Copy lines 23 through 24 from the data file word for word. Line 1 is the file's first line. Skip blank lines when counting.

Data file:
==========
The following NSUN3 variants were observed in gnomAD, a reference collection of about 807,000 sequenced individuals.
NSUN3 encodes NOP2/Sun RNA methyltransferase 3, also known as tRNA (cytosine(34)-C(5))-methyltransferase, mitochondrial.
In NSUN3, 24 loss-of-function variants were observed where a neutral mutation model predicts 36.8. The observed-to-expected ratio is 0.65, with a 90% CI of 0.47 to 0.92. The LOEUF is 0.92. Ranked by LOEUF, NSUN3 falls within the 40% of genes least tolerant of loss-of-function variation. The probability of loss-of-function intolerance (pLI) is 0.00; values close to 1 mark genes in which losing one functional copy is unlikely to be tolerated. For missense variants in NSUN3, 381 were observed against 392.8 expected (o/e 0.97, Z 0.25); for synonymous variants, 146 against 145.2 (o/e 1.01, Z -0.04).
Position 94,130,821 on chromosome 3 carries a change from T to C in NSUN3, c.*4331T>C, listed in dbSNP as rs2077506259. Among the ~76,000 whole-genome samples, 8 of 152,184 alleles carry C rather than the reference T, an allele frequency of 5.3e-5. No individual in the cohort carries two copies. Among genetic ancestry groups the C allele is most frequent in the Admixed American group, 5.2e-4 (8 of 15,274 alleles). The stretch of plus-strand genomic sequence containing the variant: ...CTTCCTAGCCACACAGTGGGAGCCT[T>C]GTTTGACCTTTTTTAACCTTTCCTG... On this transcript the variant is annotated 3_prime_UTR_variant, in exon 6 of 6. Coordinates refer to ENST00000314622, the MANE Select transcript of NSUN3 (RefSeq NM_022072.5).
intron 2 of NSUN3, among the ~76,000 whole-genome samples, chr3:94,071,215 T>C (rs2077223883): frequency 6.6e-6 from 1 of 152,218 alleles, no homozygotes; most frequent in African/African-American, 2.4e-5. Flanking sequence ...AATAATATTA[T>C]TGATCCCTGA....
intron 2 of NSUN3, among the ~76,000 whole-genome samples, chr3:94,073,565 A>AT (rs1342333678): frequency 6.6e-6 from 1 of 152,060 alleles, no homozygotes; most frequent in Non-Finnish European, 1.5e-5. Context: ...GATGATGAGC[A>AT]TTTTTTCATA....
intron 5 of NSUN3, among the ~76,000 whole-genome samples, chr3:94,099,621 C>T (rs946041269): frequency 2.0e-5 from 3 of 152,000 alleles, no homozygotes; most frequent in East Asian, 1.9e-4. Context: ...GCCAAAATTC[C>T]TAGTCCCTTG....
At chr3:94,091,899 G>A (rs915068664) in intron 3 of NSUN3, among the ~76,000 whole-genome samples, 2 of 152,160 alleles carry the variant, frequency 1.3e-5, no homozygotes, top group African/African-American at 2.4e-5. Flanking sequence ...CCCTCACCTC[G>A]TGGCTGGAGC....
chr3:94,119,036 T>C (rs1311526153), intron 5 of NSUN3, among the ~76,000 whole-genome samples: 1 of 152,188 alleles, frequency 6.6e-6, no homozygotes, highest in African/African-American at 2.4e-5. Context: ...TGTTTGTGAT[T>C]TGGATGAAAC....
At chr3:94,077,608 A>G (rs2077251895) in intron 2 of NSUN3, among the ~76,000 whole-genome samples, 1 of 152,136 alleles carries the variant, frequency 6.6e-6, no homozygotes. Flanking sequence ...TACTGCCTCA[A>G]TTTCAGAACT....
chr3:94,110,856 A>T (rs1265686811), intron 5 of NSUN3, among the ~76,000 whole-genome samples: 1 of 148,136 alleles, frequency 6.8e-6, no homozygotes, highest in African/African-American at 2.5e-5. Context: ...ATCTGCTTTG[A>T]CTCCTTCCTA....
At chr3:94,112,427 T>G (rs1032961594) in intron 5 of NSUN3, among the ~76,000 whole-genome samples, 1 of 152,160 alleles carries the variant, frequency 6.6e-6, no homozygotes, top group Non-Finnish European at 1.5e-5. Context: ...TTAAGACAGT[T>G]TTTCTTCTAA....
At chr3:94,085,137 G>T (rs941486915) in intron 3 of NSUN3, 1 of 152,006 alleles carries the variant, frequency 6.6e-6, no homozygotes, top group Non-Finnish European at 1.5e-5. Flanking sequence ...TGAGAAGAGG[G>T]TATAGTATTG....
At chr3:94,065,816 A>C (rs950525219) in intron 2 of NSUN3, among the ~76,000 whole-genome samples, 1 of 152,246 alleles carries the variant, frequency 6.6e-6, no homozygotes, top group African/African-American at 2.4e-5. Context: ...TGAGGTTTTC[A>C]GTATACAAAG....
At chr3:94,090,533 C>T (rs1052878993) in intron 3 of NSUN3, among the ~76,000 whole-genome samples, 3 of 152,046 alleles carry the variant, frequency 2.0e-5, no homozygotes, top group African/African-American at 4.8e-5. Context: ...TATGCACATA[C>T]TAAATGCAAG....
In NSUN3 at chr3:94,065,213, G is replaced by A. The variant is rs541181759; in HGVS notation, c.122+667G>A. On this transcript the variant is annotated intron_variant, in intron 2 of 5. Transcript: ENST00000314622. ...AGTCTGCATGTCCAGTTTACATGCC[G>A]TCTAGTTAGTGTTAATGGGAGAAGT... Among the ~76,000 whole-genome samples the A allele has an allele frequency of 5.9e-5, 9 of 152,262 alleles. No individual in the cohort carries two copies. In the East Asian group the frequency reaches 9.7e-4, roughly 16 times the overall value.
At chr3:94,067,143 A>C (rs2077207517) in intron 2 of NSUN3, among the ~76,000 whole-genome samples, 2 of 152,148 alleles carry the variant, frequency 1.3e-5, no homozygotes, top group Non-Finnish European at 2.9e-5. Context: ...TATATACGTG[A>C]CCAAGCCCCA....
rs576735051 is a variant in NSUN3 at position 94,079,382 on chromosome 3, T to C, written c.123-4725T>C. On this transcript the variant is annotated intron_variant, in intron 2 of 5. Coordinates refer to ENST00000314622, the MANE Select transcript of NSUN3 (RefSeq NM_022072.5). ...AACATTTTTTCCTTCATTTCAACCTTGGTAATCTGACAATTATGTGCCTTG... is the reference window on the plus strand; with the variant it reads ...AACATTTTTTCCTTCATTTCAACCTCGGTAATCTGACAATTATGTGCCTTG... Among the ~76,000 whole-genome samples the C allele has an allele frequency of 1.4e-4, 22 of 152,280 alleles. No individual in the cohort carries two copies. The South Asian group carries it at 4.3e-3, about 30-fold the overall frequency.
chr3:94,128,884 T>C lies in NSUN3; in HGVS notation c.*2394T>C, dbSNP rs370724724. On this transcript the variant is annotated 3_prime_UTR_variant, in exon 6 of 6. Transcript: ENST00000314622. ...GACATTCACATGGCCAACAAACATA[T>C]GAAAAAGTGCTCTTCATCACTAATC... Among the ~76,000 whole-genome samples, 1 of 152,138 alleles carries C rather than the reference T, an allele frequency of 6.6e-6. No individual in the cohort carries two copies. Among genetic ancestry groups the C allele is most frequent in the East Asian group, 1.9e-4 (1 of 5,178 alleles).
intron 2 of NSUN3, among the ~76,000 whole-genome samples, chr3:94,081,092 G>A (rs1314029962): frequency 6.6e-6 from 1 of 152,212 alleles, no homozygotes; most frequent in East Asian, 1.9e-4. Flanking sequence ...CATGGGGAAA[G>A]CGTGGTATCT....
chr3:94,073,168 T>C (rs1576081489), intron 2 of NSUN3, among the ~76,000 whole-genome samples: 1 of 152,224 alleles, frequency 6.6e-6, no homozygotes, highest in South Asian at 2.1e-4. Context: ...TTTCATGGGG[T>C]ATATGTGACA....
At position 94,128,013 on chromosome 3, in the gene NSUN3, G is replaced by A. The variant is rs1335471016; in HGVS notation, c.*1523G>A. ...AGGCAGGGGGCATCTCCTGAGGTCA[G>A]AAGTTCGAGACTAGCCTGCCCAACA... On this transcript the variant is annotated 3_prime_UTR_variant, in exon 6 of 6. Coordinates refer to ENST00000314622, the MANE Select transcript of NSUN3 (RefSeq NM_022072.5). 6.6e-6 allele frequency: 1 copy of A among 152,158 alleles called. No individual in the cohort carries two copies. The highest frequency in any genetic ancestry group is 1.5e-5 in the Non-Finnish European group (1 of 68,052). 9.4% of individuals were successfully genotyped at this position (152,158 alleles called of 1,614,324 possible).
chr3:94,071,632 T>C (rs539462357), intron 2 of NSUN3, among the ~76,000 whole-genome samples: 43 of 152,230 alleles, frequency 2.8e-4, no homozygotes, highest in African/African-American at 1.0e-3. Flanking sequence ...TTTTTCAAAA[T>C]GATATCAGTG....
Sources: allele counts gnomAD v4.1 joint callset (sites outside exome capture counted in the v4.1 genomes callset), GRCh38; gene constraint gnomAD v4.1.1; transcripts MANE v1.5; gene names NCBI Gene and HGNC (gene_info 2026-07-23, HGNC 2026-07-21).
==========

chr3:94,071,632 T>C (rs539462357), intron 2 of NSUN3, among the ~76,000 whole-genome samples: 43 of 152,230 alleles, frequency 2.8e-4, no homozygotes, highest in African/African-American at 1.0e-3. Flanking sequence ...TTTTTCAAAA[T>C]GATATCAGTG....
Sources: allele counts gnomAD v4.1 joint callset (sites outside exome capture counted in the v4.1 genomes callset), GRCh38; gene constraint gnomAD v4.1.1; transcripts MANE v1.5; gene names NCBI Gene and HGNC (gene_info 2026-07-23, HGNC 2026-07-21).